Contribute to the DSpace Development Fund

The newly established DSpace Development Fund supports the development of new features prioritized by DSpace Governance. For a list of planned features see the fund wiki page.


TODAY'S MEETING IS CANCELLED.  Tim is out sick and likely not to return until Monday at the earliest.

 from 15:00-16:00 UTC

Location: (Meeting ID: 502 527 3040).  Passcode: dspace

7.6 Release Plan (TBD)

Release Schedule:

  • TBD (Donated Feature Notification Deadline): Any community members who wish to donate a feature to this release must notify Tim Donohue by this date (either via email, Slack or GitHub). The DSpace 7 team will then provide feedback on whether it will be possible to include this feature in the release (based on team member availability and the size of the feature).  Early notifications are more likely to get included in the release.
  • TBD (Feature PR Creation Deadline): PRs should be created by this date if they are to be reviewed in time for the release.  Please note there is no guarantee that a PR will be included if it is created by this date. Larger PRs are recommended to be created earlier, as that makes it more likely they can be reviewed in time for inclusion. (Smaller bug fixes are welcome anytime)
  • TBD (Feature PR Review/Test Deadline): All code reviewers or testers should submit their feedback by this date. Code reviews must be constructive in nature, with resolution suggestions. Any code reviews submitted AFTER this date will be considered non-blocking reviews.  NOTE: Larger PRs or donated PRs may have their own deadlines established for PR creation, review and merger. This deadline only applies for PRs with no other deadline established.
  • TBD (Bug PR Creation Deadline): Bug fix PRs are still acceptable after this date if they are very high priority.  However, any submitted after this date will likely need to have pre-assigned reviewers in order to ensure the review can be completed before the PR Merge Deadline.
  • TBD (PR Merge Deadline): All PRs should be merged by this date.  (Note: bug fixes can still get in after this deadline, as long as they are small or important)
  • Week of TBD (Documentation & Release Week):  Any merged PRs which don't have minimal documentation (how to enable / configure) MUST have documentation created this week. Later in this week (around Thurs) will be the release.
  • TBD June: Public Release Announcement. 7.6 will be announced/released by this date.

Ongoing/Weekly tasks:


  • (30 mins) General Discussion Topics
    1. Planning for 7.6
      1. Review the 7.6 board
        1. Determine which tickets need to be brought back to Steering for possible funding (see "needs funding" label)
        2. Determine which tickets in "In Progress" column are still being worked on for 7.6.  Do any of these need to be taken off the 7.6 board and moved to 8.0?
        3. Very High priority bugs located in 7.5:
          1. Submission form "Type" dropdown changes values when pressing Enter:  Might be related to Safari browser dropdown issues:
          2. Administer Workflow Actions no longer work:
      2. Finalize Timeline for 7.6:  Looking at an early June release (possibly announce on Monday, June 5?), unless we feel it can be moved forward into May.
        1. Tim will update release schedule above once we set a goal.
      3. General rule for 7.6:  New features are welcome if they used to exist in 6.x.  Everything else must be a fix that would normally be acceptable in a "bug fix only" release.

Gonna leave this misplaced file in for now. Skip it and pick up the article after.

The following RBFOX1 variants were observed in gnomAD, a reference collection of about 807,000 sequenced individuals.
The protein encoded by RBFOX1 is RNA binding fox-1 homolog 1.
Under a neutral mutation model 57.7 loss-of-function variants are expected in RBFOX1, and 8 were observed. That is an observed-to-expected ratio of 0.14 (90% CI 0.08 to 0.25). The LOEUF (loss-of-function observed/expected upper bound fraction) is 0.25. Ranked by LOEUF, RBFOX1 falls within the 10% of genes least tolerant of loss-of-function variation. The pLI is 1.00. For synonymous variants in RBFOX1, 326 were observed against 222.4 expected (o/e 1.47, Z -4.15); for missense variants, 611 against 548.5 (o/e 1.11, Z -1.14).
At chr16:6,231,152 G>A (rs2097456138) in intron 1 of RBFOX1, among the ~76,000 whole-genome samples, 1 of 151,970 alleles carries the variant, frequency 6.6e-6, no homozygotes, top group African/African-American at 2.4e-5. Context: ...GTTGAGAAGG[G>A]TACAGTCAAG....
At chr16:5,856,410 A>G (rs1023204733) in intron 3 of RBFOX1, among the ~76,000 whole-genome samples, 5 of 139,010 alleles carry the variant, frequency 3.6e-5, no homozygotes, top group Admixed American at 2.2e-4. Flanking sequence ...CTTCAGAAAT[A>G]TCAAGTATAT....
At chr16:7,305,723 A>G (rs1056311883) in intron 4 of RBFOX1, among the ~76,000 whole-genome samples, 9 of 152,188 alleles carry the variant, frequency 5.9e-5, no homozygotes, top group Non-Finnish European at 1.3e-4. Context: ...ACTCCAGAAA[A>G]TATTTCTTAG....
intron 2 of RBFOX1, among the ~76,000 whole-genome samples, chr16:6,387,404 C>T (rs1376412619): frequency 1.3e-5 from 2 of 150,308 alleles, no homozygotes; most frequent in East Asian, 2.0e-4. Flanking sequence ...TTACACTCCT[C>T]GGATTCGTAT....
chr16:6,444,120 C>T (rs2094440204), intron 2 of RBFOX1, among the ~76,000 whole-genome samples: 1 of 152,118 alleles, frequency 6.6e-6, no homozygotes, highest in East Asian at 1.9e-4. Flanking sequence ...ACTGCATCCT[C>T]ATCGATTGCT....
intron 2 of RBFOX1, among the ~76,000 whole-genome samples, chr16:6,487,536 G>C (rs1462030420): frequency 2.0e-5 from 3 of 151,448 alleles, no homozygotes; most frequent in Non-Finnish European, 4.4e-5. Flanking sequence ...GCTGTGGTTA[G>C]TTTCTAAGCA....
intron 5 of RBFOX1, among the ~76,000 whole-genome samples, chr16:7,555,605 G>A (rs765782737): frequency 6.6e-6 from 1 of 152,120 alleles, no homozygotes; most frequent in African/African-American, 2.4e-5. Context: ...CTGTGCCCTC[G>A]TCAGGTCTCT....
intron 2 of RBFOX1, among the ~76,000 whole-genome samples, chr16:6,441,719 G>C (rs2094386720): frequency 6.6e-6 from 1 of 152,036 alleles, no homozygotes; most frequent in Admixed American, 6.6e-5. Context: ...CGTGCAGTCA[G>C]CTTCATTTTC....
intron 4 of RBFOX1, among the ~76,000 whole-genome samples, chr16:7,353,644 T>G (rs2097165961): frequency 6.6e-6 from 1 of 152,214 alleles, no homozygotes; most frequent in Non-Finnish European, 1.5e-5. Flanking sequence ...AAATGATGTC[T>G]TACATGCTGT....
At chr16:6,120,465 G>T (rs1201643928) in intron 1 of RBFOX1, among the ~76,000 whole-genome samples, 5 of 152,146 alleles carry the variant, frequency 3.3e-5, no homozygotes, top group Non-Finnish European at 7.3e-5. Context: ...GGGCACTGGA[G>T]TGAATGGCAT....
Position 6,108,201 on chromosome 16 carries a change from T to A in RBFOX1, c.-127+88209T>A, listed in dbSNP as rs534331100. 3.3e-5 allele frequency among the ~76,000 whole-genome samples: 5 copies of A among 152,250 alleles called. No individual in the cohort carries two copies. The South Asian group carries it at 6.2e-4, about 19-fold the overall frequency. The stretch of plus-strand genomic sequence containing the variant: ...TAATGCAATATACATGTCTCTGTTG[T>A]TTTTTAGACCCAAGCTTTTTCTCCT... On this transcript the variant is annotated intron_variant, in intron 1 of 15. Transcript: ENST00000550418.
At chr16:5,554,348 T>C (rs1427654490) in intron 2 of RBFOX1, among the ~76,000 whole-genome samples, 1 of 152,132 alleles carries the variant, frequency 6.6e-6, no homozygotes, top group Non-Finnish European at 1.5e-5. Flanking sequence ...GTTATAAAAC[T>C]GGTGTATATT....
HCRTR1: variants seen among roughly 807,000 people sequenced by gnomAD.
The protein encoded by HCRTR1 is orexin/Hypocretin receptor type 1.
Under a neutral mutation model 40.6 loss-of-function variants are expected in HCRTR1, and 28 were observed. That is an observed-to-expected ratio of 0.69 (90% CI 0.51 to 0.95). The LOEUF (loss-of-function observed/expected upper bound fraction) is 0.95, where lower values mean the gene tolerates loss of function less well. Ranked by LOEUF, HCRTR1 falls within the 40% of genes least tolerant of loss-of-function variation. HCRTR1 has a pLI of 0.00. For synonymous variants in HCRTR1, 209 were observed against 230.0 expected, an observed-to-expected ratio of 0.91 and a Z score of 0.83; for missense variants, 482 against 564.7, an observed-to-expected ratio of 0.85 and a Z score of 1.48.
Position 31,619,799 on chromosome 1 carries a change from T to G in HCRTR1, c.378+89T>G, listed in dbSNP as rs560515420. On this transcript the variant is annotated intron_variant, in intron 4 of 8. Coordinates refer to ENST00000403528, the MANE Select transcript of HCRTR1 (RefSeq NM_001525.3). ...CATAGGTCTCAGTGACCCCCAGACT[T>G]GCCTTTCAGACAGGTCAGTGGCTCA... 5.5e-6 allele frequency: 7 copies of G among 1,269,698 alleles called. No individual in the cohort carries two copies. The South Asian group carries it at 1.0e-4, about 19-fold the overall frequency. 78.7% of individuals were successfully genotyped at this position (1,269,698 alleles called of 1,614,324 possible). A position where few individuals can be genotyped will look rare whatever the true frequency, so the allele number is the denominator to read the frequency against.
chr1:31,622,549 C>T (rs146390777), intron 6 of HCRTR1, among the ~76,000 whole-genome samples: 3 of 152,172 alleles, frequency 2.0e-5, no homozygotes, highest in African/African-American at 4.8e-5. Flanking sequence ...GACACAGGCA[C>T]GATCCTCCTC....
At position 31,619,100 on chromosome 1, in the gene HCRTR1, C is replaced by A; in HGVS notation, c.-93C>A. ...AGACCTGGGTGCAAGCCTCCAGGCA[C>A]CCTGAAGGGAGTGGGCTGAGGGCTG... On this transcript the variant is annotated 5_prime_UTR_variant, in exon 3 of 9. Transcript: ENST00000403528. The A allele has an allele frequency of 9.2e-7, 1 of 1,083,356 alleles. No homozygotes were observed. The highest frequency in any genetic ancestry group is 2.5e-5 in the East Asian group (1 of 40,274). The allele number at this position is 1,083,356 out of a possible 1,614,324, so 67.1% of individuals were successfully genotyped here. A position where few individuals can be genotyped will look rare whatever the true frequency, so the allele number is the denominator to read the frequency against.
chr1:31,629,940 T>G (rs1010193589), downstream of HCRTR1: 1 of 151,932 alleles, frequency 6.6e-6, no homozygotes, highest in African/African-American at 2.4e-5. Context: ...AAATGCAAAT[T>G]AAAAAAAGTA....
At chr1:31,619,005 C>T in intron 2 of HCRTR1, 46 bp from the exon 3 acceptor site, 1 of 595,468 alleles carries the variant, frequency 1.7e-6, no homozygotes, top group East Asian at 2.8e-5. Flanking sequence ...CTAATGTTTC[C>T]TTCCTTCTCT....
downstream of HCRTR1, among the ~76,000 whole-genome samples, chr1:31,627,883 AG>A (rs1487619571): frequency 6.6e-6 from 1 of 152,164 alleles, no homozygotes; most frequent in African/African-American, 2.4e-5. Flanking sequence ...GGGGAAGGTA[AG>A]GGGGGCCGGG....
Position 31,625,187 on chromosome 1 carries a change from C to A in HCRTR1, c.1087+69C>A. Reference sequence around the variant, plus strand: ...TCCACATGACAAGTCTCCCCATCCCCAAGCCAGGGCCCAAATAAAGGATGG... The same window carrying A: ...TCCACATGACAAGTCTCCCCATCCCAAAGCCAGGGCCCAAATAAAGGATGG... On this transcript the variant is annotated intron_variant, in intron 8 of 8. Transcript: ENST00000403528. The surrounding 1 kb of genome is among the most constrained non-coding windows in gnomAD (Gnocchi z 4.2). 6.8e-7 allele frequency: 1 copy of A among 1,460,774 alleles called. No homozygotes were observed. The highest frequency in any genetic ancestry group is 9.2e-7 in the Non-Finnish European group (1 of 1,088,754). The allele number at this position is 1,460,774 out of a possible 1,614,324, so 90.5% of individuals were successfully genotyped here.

1. 7.6 is a "transition" release, where we are transitioning back to our release numbering scheme
      4. Releases after 7.6:  Later releases will be bug-fix only.
        1. Andrea Bollini (4Science) and Lieven Droogmans suggest to switch to a 7.6.1, 7.6.2, 7.6.3 for eventual bug fix release. This clarifies that 7.6 is the final feature release, and that every later release is a minor upgrade.
        2. With 8.0 however, we would move back to our existing release numbering scheme.  Bug fix releases would be numbered 8.1, 8.2, 8.3, etc.
    2. (NO UPDATES) Demo Site maintenance ( and  
      1. LYRASIS is still working on this, but some restructuring of plans has had to occur because of internal deadline changes.  Likely not to be completed until late March or April.
      2. In the meantime, can we ensure that it is still possible to send updates to both the frontend & backend per instructions at Updating DSpace 7 Demo Sites 
    3. (Future Topic) Lyrasis' new CEO has asked Tim Donohue to investigate what it would take to implement OCFL-based storage (or similar preservation-friendly storage) for DSpace (v8 or later)
      1. Early brainstorm is to likely keep DSpace's existing database & Solr usage as-is.
      2. However, migrate from current "[dspace]/assetstore" to an OCFL storage structure. 
        1. OCFL storage would contain both the content file(s) (PDF, etc) and a metadata representation (exported/synced from database). The metadata representation might be similar to our existing DSpace AIP Format.
        2. Tools would need to verify/validate that data in OCFL storage "matches" with what is in the database (similar to a Checksum Checker, but more specific to OCFL storage)
      3. If anyone is interested in brainstorming this idea further, get in touch with Tim.
    4. (Other topics?)
  • (30 mins) Planning for next week
    • Review the Backlog Board - Are there any tickets here stuck in the "Triage" column?  We'd like to keep this column as small as possible.
    • Review the 7.6 Project Board - Assign tickets to developers & assign PRs to reviewers.
      • Paid (by DSpace project) developers must keep in mind priority. If new "high" or "medium" priority tickets come in, developers should move effort off of "low" priority tasks.
      • Volunteer developers are allowed to work on tickets regardless of priority, but ideally will review code in priority order


Current Work

Project Board

DSpace 7.6 Project Board:

To quickly find PRs assigned to you for review, visit  (This is also available in the GitHub header under "Pull Requests → Review Requests")

New Feature development process for 7.6 (TBD)